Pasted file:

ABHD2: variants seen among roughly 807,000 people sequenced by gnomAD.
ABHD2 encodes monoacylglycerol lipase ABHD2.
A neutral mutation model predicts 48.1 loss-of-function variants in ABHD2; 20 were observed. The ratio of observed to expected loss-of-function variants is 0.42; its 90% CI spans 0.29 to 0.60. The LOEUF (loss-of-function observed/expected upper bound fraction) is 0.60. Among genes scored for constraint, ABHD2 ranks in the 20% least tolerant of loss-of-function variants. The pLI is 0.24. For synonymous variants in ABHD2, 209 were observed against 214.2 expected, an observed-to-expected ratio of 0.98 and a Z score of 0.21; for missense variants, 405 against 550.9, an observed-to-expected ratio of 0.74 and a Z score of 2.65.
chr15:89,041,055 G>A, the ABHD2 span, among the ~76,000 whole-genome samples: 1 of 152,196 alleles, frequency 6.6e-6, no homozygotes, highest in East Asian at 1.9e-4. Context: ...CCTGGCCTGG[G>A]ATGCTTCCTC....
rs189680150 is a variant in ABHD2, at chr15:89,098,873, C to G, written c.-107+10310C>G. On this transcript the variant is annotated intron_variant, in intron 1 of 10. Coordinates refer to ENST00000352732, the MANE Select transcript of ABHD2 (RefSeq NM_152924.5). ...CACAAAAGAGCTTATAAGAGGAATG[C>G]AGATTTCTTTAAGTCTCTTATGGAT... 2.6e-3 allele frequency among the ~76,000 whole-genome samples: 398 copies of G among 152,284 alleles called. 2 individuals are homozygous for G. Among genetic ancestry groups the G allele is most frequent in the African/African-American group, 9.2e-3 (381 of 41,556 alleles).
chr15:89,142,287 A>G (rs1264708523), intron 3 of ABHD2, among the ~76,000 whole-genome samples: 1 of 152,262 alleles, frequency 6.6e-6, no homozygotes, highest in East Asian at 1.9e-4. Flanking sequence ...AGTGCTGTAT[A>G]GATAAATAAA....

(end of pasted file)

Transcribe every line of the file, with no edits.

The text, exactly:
ABHD2: variants seen among roughly 807,000 people sequenced by gnomAD.
ABHD2 encodes monoacylglycerol lipase ABHD2.
A neutral mutation model predicts 48.1 loss-of-function variants in ABHD2; 20 were observed. The ratio of observed to expected loss-of-function variants is 0.42; its 90% CI spans 0.29 to 0.60. The LOEUF (loss-of-function observed/expected upper bound fraction) is 0.60. Among genes scored for constraint, ABHD2 ranks in the 20% least tolerant of loss-of-function variants. The pLI is 0.24. For synonymous variants in ABHD2, 209 were observed against 214.2 expected, an observed-to-expected ratio of 0.98 and a Z score of 0.21; for missense variants, 405 against 550.9, an observed-to-expected ratio of 0.74 and a Z score of 2.65.
chr15:89,041,055 G>A, the ABHD2 span, among the ~76,000 whole-genome samples: 1 of 152,196 alleles, frequency 6.6e-6, no homozygotes, highest in East Asian at 1.9e-4. Context: ...CCTGGCCTGG[G>A]ATGCTTCCTC....
rs189680150 is a variant in ABHD2, at chr15:89,098,873, C to G, written c.-107+10310C>G. On this transcript the variant is annotated intron_variant, in intron 1 of 10. Coordinates refer to ENST00000352732, the MANE Select transcript of ABHD2 (RefSeq NM_152924.5). ...CACAAAAGAGCTTATAAGAGGAATG[C>G]AGATTTCTTTAAGTCTCTTATGGAT... 2.6e-3 allele frequency among the ~76,000 whole-genome samples: 398 copies of G among 152,284 alleles called. 2 individuals are homozygous for G. Among genetic ancestry groups the G allele is most frequent in the African/African-American group, 9.2e-3 (381 of 41,556 alleles).
chr15:89,142,287 A>G (rs1264708523), intron 3 of ABHD2, among the ~76,000 whole-genome samples: 1 of 152,262 alleles, frequency 6.6e-6, no homozygotes, highest in East Asian at 1.9e-4. Flanking sequence ...AGTGCTGTAT[A>G]GATAAATAAA....